I’m still not sure how I feel about the gross exploitation of natural resources in this area. It is true that not much (or any!) of the profits stayed in the DRC. It is also fairly unlikely that there were Congolese living in the fancy European-style houses. But there was work and that has to count for something. Without the mines, there are so few options for employment. There is no electricity. No roads or bridges will get fixed.
Following the war, Manono was a hub for NGO activity. A number of organizations started projects and a large MONUC base was opened. Now, as funding to aid agencies continues to be diverted to the Kivus, one by one these NGOs are closing shop and employment opportunities spiral downwards.
In effect, the population is living on the edge. Medical services are extremely limited and food security is low. Rumors of malnutrition are circulating. Roads exist but are barely passable. School teachers are paid $30 US a month. True, there is no longer war in Katanaga…but the population is not out of it just yet.
From my perspective, the trip was a success. The project coordinator caught her flight to Goma and will cross into Rwanda to catch an international flight to Nairobi for a training course. Sound complicated? THAT path is currently the easiest way to get out of the country from Shamwana!!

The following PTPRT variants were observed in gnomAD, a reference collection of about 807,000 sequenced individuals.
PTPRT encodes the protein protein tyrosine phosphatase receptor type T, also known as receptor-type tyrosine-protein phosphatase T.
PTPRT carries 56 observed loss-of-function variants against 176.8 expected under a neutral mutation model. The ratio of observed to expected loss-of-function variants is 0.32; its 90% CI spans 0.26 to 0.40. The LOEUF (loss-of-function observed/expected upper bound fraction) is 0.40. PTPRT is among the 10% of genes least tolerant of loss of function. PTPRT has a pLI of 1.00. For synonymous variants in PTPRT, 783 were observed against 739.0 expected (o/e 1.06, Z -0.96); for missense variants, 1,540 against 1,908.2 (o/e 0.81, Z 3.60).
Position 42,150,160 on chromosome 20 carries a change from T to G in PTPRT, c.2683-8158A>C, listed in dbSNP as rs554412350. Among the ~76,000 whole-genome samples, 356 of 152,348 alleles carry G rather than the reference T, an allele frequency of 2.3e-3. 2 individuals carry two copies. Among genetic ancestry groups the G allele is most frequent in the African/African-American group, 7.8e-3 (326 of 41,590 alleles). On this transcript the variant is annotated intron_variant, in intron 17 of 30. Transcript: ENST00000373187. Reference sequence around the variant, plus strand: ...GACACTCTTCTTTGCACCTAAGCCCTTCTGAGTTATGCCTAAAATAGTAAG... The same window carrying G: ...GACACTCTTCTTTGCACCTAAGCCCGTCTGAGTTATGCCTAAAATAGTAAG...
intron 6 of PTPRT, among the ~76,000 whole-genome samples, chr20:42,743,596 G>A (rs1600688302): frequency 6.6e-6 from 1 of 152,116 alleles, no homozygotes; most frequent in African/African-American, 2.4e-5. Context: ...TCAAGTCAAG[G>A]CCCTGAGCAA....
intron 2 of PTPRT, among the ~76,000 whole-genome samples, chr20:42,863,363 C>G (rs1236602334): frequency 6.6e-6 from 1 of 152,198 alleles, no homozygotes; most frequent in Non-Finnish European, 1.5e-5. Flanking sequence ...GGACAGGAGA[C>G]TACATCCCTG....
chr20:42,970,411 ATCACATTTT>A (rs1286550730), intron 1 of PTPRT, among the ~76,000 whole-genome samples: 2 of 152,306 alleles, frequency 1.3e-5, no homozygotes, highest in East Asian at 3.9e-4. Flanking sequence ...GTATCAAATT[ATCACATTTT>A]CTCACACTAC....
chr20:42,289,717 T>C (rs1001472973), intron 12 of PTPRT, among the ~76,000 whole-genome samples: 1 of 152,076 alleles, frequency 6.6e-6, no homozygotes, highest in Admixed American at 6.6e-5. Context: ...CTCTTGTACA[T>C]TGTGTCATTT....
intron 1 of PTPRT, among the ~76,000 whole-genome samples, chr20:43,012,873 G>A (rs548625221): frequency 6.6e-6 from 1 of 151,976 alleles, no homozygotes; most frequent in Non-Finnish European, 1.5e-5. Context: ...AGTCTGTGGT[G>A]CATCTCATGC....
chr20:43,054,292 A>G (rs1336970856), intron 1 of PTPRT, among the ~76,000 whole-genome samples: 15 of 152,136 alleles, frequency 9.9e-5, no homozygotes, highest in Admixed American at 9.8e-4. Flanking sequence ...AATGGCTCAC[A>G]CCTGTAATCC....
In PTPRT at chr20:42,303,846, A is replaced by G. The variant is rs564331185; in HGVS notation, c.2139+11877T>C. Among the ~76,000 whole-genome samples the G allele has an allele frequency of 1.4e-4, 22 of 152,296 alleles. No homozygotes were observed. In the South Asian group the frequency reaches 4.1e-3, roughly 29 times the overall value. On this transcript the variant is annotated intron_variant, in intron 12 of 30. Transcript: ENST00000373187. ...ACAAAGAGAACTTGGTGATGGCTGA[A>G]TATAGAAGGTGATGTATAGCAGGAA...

I was also able to buy simple things like fresh eggs, tomatoes, oranges, garlic and onions, eggplant, papayas, bicycle repair parts, scribblers, engine oil, a few raincoats, and some plastic sheeting. Most of this stuff isn’t available in Shamwana…and, if it is, it is way more expensive. We haven’t had a plane land in Shamwana for over 3 months so it was nice to have some fresh vegetables for the weekend!
On the way back, we spent the night at a health center that was outside of MSFs ‘radius’ of support. In late 2008, the NGO that had been supporting this heath center (and many others) suddenly lost its funding and abruptly pulled out of Katanga.